In the past week, speculation has exploded as U.S. Senator Barbara Boxer announced her retirement in 2016 and Attorney General Kamala Harris began her campaign. By Thursday, Harris had become the leading candidate (of two announced; Merv Evans has also announced his candidacy), with Sacramento Bee columnist Dan Walters asking “Does Kamala Harris have free ride to Senate?”
It seemed like a good time to take a peek at the history books.
For the record, it has happened only once before. James McDougall, California’s first Attorney General (1850-1851) [and also the AG in Illinois in 1842-1846] was elected to the U.S. Senate in 1861. In the century and a half since, none have been successful.
Interestingly, two of California’s Attorneys General had previously run unsuccessful campaigns for U.S. Senate (Fred N. Howser (elected AG in 1946 and lost for Senate in 1944) and Jerry Brown (elected AG in 2006 and lost for Senate in 1982).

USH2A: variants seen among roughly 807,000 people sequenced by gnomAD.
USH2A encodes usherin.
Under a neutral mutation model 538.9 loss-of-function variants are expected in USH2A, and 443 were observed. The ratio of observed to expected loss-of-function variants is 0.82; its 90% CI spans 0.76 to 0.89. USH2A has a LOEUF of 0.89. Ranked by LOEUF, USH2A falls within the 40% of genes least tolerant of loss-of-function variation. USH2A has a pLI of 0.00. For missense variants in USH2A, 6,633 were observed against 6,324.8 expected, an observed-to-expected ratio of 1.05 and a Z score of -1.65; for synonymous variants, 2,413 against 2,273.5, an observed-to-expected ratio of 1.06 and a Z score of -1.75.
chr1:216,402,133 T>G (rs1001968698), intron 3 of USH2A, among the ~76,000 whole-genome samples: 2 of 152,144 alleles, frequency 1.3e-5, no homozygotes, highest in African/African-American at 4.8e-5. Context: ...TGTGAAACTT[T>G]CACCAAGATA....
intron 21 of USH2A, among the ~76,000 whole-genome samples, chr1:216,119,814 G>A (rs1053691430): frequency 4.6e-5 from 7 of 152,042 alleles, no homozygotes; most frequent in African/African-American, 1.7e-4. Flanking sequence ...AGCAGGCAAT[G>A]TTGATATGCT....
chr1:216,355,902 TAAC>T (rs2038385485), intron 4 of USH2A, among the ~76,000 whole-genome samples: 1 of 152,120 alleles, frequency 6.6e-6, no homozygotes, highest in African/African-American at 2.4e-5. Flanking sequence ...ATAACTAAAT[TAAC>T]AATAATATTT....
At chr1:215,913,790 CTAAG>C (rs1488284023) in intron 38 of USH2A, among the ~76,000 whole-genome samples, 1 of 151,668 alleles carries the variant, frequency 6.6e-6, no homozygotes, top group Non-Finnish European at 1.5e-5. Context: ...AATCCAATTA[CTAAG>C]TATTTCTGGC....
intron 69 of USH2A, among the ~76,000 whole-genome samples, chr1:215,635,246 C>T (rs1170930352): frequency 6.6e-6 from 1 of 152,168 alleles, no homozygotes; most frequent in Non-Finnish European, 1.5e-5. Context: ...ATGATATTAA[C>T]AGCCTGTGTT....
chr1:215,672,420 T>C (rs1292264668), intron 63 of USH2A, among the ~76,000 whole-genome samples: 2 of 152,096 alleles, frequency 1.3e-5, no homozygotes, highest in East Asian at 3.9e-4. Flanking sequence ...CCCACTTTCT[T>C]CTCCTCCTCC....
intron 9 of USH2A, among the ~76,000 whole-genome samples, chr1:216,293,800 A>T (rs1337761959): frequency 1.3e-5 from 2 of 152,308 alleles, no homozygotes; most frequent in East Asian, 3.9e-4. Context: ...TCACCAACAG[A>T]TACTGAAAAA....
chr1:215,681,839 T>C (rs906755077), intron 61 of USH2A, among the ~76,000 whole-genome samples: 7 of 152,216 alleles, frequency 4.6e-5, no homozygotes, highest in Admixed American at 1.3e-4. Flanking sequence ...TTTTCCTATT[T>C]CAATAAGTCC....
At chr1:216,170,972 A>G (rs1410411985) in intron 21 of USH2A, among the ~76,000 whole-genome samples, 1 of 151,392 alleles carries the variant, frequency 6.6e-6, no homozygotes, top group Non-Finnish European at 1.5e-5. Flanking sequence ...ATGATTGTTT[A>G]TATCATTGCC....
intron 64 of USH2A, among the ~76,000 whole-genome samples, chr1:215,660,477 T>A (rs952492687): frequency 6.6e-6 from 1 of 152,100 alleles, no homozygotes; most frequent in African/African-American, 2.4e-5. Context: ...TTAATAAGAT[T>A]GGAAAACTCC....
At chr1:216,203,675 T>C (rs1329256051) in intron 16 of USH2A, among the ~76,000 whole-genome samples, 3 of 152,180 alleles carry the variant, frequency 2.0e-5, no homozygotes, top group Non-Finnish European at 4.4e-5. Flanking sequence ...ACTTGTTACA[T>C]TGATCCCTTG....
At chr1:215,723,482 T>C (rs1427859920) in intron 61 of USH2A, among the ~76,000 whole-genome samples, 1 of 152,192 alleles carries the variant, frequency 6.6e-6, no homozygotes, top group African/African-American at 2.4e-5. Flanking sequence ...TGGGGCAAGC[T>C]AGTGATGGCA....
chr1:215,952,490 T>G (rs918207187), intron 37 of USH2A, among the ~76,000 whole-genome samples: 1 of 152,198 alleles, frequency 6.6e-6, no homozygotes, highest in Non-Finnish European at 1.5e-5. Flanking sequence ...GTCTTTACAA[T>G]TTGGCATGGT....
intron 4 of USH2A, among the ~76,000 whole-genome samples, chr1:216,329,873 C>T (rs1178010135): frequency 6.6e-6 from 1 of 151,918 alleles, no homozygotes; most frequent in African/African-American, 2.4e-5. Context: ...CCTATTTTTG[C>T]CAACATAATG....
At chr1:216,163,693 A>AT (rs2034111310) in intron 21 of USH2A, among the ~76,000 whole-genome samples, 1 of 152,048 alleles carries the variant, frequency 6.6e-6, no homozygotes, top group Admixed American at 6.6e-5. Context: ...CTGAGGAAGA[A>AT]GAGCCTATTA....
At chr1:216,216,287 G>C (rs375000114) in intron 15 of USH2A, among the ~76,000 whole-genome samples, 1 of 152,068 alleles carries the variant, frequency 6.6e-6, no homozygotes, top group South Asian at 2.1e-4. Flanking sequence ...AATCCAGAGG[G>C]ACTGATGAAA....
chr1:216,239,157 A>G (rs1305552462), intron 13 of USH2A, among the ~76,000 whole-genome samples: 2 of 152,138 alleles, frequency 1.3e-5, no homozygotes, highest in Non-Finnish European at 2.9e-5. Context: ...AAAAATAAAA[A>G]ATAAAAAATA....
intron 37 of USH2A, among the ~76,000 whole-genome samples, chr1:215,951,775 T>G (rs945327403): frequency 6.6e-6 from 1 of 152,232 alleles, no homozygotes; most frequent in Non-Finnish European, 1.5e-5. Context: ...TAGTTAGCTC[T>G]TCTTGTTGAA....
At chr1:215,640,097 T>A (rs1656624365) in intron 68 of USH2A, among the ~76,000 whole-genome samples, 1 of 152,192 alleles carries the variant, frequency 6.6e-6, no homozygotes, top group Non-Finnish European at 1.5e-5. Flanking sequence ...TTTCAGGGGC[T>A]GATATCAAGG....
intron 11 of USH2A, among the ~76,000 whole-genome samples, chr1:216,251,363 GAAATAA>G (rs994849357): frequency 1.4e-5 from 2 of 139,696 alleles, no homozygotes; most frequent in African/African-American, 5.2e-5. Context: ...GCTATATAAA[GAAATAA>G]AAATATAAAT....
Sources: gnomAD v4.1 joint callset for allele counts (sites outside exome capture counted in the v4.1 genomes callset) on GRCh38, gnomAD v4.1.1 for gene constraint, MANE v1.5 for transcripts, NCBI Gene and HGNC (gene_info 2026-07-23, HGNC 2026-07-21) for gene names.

Alternatively, one of our U.S. Senators, Aaron A. Sargent, won election to the Senate (1871) after having lost a campaign for Attorney General (1857).
In short, while not completely unprecedented, making the leap from Attorney General to Senator is not something that happens every day. Antonio Villaraigosa, another likely candidate, will probably take heart from the fact that three of California’s last five U.S. Senators had experience as Mayors; Feinstein (San Francisco), Seymour (Anaheim), and Wilson (San Diego).